Air travel has seamlessly woven itself into the fabric of our daily lives. Besides vacations and family reunions, people have to fly both domestically and overseas for their professional lives as well. However, traveling across different time zones can cause jet lag – a temporary sleep disorder that occurs when one’s biological clock or circadian rhythm struggles to synchronize with the time zone or local time of their destination. To beat jet lag, frequent air travelers take melatonin supplements. But are they safe?
Shashank Bhat (55), a top management member with a tech giant, tells Happiest Health that his sleep is often disrupted when he has to catch early morning flights. He also experiences severe jet lag due to his frequent work-related travels to the US, Australia and the UK. “I vaguely remember the last time I got a good night’s sleep at my home in Bangalore. For an early morning flight, I often skip sleep and end up resting in the lounge or during the flight. I have no choice but to adjust to the changing patterns of the sleep-wake cycle. It is odd at times, especially when I have to attend a meeting immediately after landing in different countries,” says Bhat, adding that he has been taking melatonin supplements for the past two years to overcome jet lag.
Flying east can make jet lag worse
Besides causing daytime drowsiness and temporary insomnia, jet lag can also affect one’s productivity. This happens as the biological clock takes time to adapt to the new time zone. “Our biological clock or circadian rhythm needs to reset or adjust to the newer time zones. This process takes time, and hence people experience jet lag,” says Dr Hirennappa B Udnur, consultant pulmonologist, Manipal Hospital, Bangalore.
However, traveling towards the east can make jet lag worse. Dr Vivek Anand Padegal, director of pulmonary services and sleep medicine, Fortis Hospital, Bangalore explains, “Those traveling eastward face an early sunrise. Hence, one has to sleep and wake up earlier than their usual time. That, along with jet lag, makes it difficult for them to function.” On the contrary, those traveling from east to west face a delayed sunrise, due to which jet lag might not be as severe. It is usually easier to stay awake longer at night than to wake up early.
Melatonin for jet lag
Our circadian rhythm or sleep-wake cycle is regulated by a set of hormones and environmental cues (sunlight and darkness). Melatonin is one such sleep-inducing hormone that is produced by the pineal gland located in the brain. It helps in the initiation and maintenance of sleep. However, its production is affected when one travels across different time zones.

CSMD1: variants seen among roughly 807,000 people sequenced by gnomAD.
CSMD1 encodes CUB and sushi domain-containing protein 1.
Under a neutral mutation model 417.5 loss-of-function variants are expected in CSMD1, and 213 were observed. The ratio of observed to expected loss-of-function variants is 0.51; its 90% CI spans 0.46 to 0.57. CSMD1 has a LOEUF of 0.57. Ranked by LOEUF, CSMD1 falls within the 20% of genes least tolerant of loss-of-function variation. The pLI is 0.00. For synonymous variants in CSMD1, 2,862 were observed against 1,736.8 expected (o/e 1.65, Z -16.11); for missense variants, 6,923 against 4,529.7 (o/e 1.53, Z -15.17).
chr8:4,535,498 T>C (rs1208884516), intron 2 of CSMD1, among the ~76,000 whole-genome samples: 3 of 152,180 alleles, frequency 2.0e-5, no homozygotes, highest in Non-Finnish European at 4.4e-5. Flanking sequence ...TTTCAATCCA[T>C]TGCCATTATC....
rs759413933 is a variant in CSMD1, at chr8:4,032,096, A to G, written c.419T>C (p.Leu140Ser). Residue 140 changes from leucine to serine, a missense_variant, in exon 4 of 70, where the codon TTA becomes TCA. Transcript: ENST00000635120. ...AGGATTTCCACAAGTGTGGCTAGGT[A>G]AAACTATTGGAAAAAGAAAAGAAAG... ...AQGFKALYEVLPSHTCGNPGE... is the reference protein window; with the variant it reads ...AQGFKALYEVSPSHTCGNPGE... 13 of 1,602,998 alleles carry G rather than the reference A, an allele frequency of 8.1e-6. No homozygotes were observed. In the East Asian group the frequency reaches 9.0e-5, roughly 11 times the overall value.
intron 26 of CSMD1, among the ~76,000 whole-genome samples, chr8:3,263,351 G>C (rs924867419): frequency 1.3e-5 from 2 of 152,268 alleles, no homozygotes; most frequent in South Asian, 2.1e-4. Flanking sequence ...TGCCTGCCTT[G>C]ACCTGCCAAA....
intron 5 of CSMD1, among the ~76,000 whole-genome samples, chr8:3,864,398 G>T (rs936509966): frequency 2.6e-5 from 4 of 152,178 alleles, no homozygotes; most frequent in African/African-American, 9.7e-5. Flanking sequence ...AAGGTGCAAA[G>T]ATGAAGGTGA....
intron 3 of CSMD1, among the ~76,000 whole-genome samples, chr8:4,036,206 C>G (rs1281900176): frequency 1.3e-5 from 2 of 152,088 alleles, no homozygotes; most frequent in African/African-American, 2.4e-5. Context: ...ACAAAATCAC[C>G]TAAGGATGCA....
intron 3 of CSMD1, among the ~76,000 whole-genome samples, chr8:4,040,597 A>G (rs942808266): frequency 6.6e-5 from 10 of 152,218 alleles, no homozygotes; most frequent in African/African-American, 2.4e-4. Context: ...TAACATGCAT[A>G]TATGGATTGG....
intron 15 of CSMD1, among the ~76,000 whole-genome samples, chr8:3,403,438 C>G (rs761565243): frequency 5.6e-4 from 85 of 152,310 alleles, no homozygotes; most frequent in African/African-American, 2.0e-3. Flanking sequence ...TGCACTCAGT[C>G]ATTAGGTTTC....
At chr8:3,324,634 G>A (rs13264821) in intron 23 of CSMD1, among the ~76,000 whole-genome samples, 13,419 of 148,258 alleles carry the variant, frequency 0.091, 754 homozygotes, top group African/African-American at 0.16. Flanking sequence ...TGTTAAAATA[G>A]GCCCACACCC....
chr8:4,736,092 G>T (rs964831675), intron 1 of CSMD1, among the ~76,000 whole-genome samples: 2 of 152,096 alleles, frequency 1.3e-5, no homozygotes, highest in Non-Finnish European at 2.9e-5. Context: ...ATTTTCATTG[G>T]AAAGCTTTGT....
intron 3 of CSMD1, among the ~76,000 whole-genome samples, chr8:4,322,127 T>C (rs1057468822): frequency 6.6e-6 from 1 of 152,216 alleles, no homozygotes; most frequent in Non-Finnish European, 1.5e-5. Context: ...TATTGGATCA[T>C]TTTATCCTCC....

Melatonin pills are often used by frequent air travelers to overcome jet lag. “Melatonin is safe with very few complications. If an individual is traveling across different time zones, they can take melatonin before sleeping,” says Dr Padegal. “I take melatonin for long-distance flights, like traveling to the USA from India. Pairing supplementation with light therapy [exposure to bright light] can help in effectively overcoming jet lag,” he adds.
Apart from air travelers, ship crews can also experience jet lag. Dr Padegal says he does recommend melatonin to ship crews, as they have different schedules and their sleep cycles change quite often.
Melatonin for jet lag: Dosage and timing are vital
While melatonin is widely regarded as a safe drug for treating jet lag, it can have common side effects like nausea, headaches, vomiting and daytime drowsiness. It’s crucial to take melatonin as per a doctor’s advice, who will prescribe the appropriate dosage for an individual to avoid any possible drug interactions.
“Melatonin is a sleep-inducing hormone. It should not be consumed at odd times or before driving, as it can cause drowsiness,” explains Dr Padegal. It is a short-term drug and is not effective if consumed over a prolonged period.
Air travelers with breathing difficulties should be cautious
Long-distance flights can be challenging for individuals with breathing disorders, depending on the severity of the condition.
“People with obstructive sleep apnea [OSA] or chronic obstructive pulmonary disease [COPD] can experience difficulties. The oxygen concentration of ambient air is 21%. However, the FiO2 [fraction of inspired oxygen] in flight cabins is only 15%. Therefore, it is important for individuals with breathing difficulties to get a health clearance from a doctor,” says Dr Udnur.
- Melatonin supplements are used by frequent air travelers to overcome jet lag.
- Experts say those traveling across different time zones can take melatonin before going to sleep. However, it should be taken as per a doctor’s prescription, as the dosage varies depending on the individual.
- People with breathing disorders should get medical clearance from their doctor before air travel.